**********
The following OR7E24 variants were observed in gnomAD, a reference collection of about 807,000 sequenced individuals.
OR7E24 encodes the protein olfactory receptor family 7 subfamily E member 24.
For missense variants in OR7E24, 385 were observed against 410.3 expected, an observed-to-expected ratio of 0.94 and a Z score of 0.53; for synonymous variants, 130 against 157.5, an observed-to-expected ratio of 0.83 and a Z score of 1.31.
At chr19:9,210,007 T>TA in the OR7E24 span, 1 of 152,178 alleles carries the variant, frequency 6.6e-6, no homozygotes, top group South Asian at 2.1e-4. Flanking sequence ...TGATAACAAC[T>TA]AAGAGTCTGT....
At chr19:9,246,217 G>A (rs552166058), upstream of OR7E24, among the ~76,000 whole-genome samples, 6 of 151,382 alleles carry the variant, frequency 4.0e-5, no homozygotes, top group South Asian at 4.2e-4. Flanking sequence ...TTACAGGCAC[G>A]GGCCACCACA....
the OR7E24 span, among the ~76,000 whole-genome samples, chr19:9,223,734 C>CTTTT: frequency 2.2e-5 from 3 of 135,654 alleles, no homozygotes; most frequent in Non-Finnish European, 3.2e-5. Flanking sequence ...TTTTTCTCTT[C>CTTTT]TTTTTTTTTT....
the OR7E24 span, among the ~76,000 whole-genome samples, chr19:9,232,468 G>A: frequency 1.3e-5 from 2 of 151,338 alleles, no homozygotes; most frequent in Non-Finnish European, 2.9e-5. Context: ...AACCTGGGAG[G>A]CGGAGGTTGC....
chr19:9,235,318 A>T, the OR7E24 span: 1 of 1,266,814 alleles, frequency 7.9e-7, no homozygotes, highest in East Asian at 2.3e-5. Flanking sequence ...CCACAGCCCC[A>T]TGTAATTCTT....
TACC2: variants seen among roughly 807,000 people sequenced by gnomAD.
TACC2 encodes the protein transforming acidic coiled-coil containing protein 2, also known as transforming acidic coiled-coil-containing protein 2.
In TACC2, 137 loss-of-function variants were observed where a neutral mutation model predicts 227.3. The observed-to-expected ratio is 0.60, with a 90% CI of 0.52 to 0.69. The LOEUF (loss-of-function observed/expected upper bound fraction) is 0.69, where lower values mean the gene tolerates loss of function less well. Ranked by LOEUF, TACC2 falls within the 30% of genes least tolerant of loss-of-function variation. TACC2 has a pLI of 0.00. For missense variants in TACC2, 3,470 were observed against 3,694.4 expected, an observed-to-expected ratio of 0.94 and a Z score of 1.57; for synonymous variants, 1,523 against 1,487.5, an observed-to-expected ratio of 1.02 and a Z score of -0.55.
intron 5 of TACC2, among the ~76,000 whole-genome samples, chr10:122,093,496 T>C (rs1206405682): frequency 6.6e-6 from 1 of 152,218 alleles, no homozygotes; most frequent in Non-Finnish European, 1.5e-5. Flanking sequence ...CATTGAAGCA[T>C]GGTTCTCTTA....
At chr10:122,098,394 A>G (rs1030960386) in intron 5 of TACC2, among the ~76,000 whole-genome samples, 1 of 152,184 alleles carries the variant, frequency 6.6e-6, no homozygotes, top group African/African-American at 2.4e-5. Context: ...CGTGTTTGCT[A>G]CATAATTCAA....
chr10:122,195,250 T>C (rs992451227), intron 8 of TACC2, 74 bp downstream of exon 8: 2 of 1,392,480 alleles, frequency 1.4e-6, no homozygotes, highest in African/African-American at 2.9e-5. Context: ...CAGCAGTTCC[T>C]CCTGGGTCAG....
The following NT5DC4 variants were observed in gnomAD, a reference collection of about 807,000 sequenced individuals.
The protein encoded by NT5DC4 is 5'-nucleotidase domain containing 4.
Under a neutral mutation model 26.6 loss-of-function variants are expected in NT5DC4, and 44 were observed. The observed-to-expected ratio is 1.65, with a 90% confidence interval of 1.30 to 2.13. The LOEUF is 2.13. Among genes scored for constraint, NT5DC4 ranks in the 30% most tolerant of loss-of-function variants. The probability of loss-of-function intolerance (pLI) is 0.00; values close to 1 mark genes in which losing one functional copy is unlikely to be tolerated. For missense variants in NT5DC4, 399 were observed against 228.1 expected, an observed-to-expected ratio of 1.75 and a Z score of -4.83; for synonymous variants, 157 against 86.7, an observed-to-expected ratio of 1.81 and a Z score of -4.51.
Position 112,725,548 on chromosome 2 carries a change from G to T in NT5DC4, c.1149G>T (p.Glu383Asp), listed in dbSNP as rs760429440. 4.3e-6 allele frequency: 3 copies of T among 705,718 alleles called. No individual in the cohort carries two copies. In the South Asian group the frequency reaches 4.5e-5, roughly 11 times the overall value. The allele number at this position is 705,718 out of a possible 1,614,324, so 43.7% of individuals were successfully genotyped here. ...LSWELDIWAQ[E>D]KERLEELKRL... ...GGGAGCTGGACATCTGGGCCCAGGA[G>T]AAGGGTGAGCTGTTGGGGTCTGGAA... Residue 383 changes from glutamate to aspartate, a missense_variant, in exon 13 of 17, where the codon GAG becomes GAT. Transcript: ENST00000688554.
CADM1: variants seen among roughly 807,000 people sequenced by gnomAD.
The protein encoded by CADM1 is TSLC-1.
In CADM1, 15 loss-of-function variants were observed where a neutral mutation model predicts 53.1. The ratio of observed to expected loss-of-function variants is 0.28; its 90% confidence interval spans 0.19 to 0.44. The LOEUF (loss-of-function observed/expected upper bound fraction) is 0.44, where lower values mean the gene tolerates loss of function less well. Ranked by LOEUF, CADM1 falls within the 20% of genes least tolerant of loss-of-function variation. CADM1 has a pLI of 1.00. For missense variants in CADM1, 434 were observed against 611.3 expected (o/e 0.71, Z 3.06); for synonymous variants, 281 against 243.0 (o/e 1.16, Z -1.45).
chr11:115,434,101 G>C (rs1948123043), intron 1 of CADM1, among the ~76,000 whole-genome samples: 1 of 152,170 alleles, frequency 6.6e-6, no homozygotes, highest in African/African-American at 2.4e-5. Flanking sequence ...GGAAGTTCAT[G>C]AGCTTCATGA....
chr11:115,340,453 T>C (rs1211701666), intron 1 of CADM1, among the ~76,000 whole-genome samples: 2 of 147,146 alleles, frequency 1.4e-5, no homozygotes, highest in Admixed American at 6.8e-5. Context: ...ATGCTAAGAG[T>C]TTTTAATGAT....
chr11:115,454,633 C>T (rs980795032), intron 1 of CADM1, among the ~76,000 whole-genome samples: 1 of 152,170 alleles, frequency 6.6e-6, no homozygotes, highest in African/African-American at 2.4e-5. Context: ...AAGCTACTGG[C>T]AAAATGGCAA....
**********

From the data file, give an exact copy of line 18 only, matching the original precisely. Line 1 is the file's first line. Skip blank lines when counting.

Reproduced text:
Position 112,725,548 on chromosome 2 carries a change from G to T in NT5DC4, c.1149G>T (p.Glu383Asp), listed in dbSNP as rs760429440. 4.3e-6 allele frequency: 3 copies of T among 705,718 alleles called. No individual in the cohort carries two copies. In the South Asian group the frequency reaches 4.5e-5, roughly 11 times the overall value. The allele number at this position is 705,718 out of a possible 1,614,324, so 43.7% of individuals were successfully genotyped here. ...LSWELDIWAQ[E>D]KERLEELKRL... ...GGGAGCTGGACATCTGGGCCCAGGA[G>T]AAGGGTGAGCTGTTGGGGTCTGGAA... Residue 383 changes from glutamate to aspartate, a missense_variant, in exon 13 of 17, where the codon GAG becomes GAT. Transcript: ENST00000688554.